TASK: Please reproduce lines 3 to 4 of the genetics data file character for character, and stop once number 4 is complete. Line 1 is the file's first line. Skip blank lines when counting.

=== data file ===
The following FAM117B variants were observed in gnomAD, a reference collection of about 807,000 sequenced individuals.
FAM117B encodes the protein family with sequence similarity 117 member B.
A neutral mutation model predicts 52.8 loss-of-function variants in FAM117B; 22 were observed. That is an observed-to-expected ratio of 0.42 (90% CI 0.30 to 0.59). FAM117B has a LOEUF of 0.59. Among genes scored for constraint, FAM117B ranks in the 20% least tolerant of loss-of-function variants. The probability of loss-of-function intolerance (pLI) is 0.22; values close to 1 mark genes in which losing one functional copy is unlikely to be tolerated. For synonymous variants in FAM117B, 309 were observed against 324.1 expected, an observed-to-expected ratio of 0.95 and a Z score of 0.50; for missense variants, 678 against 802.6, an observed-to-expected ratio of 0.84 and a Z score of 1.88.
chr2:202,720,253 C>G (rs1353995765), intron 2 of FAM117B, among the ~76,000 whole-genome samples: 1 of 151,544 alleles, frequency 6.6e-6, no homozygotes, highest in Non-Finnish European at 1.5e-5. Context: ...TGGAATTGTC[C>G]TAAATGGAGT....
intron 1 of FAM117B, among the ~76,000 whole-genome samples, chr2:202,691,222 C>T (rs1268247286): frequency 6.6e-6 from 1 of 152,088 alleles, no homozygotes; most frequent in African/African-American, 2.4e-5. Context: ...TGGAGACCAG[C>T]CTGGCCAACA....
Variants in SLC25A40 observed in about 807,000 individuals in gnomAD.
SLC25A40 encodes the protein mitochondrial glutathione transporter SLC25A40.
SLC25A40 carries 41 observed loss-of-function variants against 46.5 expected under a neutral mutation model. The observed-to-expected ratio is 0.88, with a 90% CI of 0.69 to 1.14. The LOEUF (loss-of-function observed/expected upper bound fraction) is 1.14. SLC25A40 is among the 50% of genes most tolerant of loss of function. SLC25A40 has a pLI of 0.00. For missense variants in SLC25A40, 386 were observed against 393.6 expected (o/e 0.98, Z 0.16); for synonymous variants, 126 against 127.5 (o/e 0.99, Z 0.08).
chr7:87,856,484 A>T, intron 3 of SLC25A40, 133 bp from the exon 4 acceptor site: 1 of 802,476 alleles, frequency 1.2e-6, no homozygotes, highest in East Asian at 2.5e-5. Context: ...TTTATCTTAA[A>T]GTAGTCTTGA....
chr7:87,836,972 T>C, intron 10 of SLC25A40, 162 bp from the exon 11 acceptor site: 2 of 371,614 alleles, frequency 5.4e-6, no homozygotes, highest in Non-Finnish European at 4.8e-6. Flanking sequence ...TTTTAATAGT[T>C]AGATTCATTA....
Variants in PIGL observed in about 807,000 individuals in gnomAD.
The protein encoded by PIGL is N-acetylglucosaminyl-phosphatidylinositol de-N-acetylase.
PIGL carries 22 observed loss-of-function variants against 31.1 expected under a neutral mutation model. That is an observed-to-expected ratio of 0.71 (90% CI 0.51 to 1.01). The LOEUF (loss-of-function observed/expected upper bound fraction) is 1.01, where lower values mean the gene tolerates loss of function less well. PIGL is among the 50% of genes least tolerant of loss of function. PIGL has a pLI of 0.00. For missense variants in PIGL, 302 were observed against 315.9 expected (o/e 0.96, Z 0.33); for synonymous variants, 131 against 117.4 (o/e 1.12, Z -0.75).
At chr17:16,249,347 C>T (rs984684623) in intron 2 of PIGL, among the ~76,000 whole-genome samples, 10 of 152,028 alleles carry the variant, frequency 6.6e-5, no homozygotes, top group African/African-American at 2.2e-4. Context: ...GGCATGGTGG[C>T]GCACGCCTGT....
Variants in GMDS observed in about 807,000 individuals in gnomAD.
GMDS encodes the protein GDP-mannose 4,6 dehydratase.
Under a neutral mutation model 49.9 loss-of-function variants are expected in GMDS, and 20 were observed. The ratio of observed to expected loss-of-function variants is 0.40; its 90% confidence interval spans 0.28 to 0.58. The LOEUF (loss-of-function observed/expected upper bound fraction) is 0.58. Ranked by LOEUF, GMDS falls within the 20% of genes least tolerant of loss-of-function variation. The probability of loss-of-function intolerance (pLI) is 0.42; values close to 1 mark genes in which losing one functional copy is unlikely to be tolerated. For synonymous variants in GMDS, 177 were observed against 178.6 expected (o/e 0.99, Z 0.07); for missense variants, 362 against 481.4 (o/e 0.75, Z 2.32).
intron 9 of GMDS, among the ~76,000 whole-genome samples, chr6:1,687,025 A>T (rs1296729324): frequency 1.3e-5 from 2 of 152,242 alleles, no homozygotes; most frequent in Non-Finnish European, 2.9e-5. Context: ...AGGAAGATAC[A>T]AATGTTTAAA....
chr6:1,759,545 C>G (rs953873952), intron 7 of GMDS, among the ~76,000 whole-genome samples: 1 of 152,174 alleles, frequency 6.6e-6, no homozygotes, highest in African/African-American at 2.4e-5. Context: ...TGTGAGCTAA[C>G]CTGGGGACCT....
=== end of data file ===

A neutral mutation model predicts 52.8 loss-of-function variants in FAM117B; 22 were observed. That is an observed-to-expected ratio of 0.42 (90% CI 0.30 to 0.59). FAM117B has a LOEUF of 0.59. Among genes scored for constraint, FAM117B ranks in the 20% least tolerant of loss-of-function variants. The probability of loss-of-function intolerance (pLI) is 0.22; values close to 1 mark genes in which losing one functional copy is unlikely to be tolerated. For synonymous variants in FAM117B, 309 were observed against 324.1 expected, an observed-to-expected ratio of 0.95 and a Z score of 0.50; for missense variants, 678 against 802.6, an observed-to-expected ratio of 0.84 and a Z score of 1.88.
chr2:202,720,253 C>G (rs1353995765), intron 2 of FAM117B, among the ~76,000 whole-genome samples: 1 of 151,544 alleles, frequency 6.6e-6, no homozygotes, highest in Non-Finnish European at 1.5e-5. Context: ...TGGAATTGTC[C>G]TAAATGGAGT....